“The Bible of web standardization”
Being a web designer from the birth of the web, I am well aware of the browser inconsistencies and implementation issues of technologies caused by the lack of consensus. In my opinion, “Web Standards: Mastering HTML5, CSS3, and XML” is the most comprehensive book on web standards, because most books with a title containing “Web Standards” usually provide technology descriptions only that are often limited to the discussion of markup and style sheets, thus oversimplifying web standardization to writing valid HTML and valid CSS. In fact, there are far more web standards than the ones that speficy markup or styles, as described in the book in detail. Full standard compliance also covers proper serving, accurate settings for character encoding, valid news feeds, valid metadata annotations, valid XML, valid implementation of objects and scripts, as well as browser and resolution independence. Even the markup should meet additional criteria on accessibility, document structure, semantics, and interoperability. “Web Standards: Mastering HTML5, CSS3, and XML” covers the UTF-8 character encoding, the MIME types, HTML5 APIs, CSS3 modules, SVG, MathML, RDF, XML serializations, Semantic Web standards and machine-readable metadata, accessibility, and standardization concerns. The book has a dedicated chapter on validation, which is a fundamental task in website standardization, however, it is still missing from all the similar titles I've read so far.
The reader gets a wonderful mixture of theory and practical techniques. The book provides not only a review of web standards, but also a huge number of sample code to demonstrate coding from scratch. The code listings benefit from the hand coding expertise of the author. Moreover, the logical structure makes it easy to find any code, making the book ideal for daily use. The author compares web standards by category, and contrasts the competing ones.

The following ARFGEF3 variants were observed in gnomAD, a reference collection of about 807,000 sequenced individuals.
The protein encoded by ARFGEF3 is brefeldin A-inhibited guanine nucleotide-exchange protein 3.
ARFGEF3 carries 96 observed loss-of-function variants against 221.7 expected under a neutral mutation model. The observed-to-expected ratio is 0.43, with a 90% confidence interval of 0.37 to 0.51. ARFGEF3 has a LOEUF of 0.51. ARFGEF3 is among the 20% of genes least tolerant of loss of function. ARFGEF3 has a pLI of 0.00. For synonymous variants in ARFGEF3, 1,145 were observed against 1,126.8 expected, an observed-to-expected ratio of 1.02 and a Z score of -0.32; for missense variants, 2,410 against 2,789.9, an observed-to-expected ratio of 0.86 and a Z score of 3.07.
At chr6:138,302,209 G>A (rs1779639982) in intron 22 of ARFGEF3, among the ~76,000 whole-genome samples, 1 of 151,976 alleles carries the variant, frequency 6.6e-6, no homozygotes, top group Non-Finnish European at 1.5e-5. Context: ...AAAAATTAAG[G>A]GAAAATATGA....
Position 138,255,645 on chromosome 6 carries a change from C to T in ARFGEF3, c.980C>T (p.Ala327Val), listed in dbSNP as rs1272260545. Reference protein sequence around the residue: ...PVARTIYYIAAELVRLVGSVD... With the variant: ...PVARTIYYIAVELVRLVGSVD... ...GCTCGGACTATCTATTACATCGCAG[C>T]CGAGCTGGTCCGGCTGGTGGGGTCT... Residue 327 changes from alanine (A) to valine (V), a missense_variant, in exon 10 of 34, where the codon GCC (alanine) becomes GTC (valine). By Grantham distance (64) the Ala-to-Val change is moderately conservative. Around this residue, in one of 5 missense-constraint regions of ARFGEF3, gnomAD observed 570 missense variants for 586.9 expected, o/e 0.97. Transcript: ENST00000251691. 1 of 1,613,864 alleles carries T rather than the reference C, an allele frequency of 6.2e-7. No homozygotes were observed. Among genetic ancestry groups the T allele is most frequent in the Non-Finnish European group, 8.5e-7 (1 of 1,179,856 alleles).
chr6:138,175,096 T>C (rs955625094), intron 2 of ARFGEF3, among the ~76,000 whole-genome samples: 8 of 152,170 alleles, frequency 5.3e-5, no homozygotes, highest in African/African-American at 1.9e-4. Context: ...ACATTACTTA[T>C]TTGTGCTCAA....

The chapters on Semantic Web and web accessibility are extraordinary, and are better than many books written exclusively about these fields.
Undoubtedly, “Web Standards: Mastering HTML5, CSS3, and XML” is the best book on web standards. I can recommend it to any developer, researcher, and enthusiast interested in web development and especially standards-compliant development. Even web browser vendors could learn a lot from it.
Since the references are precise and the W3C specifications can be retrieved through permanent URLs, the book might also be an excellent university textbook and ideal for web design courses.
A web designer without a copy of “Web Standards: Mastering HTML5, CSS3, and XML” is like an IT pro without a computer. The importance of web standards is unquestionable, and web developers have to face the inevitable differences of rendering engines on a daily basis. The book helps web developers deal with these challenges.
In my opinion, “Web Standards: Mastering HTML5, CSS3, and XML” is the ultimate book of web standards and deserves the honour of being called the “Bible of web standardization.”
A review from Amazon.com
“Theory and code of web design”
“Well written with fresh up to date content on web site standards for development. Helped me quickly understand important design techniques and aspects for web design, which is important for development of professional websites for mass viewers. Useful for study as well as quick reference to subjects. Contains easy to read theory and code examples, with lots of things I did not know.”
Michael van Diermen, Web Designer
“Sikos includes here several important topics not covered in many of the other books on Web standards, including internationalization, server configuration, and Web syndication.”
“This book was useful and made it easy to incorporate new features into my existing code.”